Story by Trends Publishing
Photography by Doc Ross
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An interior rich in texture, and warm neutrals inspired by nature, brings the outside in
When a home causes the owners to grit their teeth as they walk in the door, complete relaxation is unlikely to occur, however tranquil the view from the window.
Initially, interior designer Sue Nauman was faced with the task of rejuvenating an 11-year-old home that was dated by a gaudy decor, but the project rapidly evolved into a job of grander proportions.
The owners' brief was simple: modernise and lighten the entire interior to create a feeling of warmth in a home that often felt chilly inside, even on a sunny day.
"The majority of the ground floor walls and the staircase had been covered with an interior plaster product called substrate scrabble, which had a rippling effect on the surface," says Nauman.
Dark wooden beams across the ceiling and built-in pew-like furniture were removed from the living areas to open up the space, and the narrow staircase was widened.
As the house is situated on a golf course bordered by a majestic mountain range, Sue and the clients opted for neutral palette of colours to recreate the many hues reflected in the hills.
"I often work against the idea of constantly using beiges and browns. However, when they're right, they're right. The existing colours were fighting each other, which isn't conducive to a harmonious atmosphere. Using colours from the surrounding area brought the warmth of nature into the house."
French doors were added into a solid wall at the end of the living area to capture the vista and allow more sunlight in.
A subtle colour trio of darker carpet, lighter skirtings and neutral walls creates a feeling of being drawn in when entering a room, says Nauman.
"Using a darker shade on the floor sometimes has the effect of making a space seem smaller, but it warms and grounds the room, creating intimacy."
To achieve the relaxed and informal atmosphere her clients desired, Nauman opted for furnishings in a mix of materials, with differing textures and colours being the key ingredient in making it work.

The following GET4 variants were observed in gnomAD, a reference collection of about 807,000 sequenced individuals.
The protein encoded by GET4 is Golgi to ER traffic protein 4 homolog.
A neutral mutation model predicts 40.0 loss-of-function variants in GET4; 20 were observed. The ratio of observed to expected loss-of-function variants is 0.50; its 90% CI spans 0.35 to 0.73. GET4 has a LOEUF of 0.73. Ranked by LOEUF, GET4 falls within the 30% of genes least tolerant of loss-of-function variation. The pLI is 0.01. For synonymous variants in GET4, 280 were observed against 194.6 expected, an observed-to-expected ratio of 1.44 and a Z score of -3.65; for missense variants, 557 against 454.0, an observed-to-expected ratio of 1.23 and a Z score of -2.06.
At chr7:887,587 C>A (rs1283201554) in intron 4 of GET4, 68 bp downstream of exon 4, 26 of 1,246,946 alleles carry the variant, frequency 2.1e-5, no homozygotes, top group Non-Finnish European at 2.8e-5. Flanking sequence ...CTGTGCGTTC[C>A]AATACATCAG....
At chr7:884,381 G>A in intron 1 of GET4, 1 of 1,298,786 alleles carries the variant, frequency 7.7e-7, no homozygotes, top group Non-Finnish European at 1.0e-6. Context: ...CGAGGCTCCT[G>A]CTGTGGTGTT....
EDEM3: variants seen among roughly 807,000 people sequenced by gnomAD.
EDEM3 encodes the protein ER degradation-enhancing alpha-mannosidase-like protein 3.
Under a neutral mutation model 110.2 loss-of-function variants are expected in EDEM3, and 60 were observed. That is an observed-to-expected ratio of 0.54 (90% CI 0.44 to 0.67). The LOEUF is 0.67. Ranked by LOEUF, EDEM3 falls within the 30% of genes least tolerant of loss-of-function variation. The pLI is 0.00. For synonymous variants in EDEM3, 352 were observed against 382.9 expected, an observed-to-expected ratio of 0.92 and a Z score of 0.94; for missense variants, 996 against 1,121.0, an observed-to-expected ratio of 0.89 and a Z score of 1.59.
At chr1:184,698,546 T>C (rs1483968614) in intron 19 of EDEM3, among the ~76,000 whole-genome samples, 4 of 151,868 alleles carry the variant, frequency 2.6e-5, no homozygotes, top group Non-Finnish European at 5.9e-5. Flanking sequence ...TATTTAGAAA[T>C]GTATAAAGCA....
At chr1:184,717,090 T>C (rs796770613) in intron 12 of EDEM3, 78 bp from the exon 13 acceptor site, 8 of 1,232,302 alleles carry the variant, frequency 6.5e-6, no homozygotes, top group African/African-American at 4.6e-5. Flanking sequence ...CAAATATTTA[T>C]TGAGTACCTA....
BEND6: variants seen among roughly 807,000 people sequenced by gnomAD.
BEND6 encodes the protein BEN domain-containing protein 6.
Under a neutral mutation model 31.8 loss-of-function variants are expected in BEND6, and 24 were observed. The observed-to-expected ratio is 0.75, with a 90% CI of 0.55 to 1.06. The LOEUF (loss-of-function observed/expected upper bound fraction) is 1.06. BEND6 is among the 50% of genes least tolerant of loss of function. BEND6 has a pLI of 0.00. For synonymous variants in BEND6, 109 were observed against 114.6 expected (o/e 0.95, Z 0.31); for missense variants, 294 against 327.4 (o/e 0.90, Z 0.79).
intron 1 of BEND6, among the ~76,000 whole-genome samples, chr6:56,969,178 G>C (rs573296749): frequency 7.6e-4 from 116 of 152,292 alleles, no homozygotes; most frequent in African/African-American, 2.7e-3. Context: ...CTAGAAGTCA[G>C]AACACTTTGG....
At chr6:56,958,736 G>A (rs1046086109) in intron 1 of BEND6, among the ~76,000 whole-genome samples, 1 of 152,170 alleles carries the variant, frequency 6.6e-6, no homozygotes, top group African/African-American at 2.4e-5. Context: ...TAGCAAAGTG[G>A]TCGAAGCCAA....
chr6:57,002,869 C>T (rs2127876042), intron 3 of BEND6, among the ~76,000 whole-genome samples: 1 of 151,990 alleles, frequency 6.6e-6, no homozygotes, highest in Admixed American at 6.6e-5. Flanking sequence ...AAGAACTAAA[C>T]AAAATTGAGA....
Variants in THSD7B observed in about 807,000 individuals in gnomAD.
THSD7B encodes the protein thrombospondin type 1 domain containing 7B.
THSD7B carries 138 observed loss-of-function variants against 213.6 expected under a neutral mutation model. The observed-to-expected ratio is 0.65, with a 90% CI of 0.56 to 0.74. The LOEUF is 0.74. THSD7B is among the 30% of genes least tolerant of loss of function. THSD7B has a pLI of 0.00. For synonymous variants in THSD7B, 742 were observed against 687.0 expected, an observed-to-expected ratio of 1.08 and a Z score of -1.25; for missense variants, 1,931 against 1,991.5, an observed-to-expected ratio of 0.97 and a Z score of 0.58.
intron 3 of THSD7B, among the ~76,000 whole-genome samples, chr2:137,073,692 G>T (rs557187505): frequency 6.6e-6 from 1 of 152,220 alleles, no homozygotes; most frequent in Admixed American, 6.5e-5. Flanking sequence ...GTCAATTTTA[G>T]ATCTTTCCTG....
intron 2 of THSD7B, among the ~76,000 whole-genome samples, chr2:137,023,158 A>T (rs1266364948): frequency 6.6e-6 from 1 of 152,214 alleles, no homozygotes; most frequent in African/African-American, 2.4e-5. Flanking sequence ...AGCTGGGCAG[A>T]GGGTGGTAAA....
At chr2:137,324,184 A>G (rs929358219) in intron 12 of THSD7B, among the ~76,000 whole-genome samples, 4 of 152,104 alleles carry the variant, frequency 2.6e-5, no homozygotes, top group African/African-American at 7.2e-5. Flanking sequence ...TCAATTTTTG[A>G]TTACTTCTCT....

The dining suite, terracotta in a previous life, was re-covered in a chunky, checked fabric in shades of brown.
Bold piping through the sofa contrasts with a heavy wool-style armchair and footstool, while ceiling to floor hemp curtains carry through a feeling of substance to the walls.
A brown leather sofa sits comfortably beside a dark wood Asian-influenced armoire. Nauman selected darker wood coffee and side tables throughout the home to balance the flow between the carpet and lighter walls.
"Using different furniture styles in one room creates an informal scheme, making one feel instantly at home and relaxed.
"Conversely, to create formality, use one design of furniture or match period pieces with accessories.
"But don't be afraid to experiment with different elements of design and texture. Breaking the rules can have great results."
Colour is an essential part of achieving balance when using predominantly neutral colours, says Nauman. Vibrant artwork and scattered objects were chosen to liven up living areas while the bedrooms were deliberately toned down, with darker colours and stripes contributing to a restful and romantic atmosphere.
While her clients were a little dubious about staining the American white oak bathroom cabinetry a dark, glossy brown, Nauman says the look achieves simplicity and tranquillity while maintaining the flow throughout the interior - and creating a house that feels good to come home to.
First published date: 20 July 2006
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|Designer||Sue Nauman, Sue Nauman Design (Queenstown)|
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|Kitchen manfacturer||QT Joinery|
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|Paints||Resene Karen Walker Colours|
|Basin||David Chiperfield White Collection|
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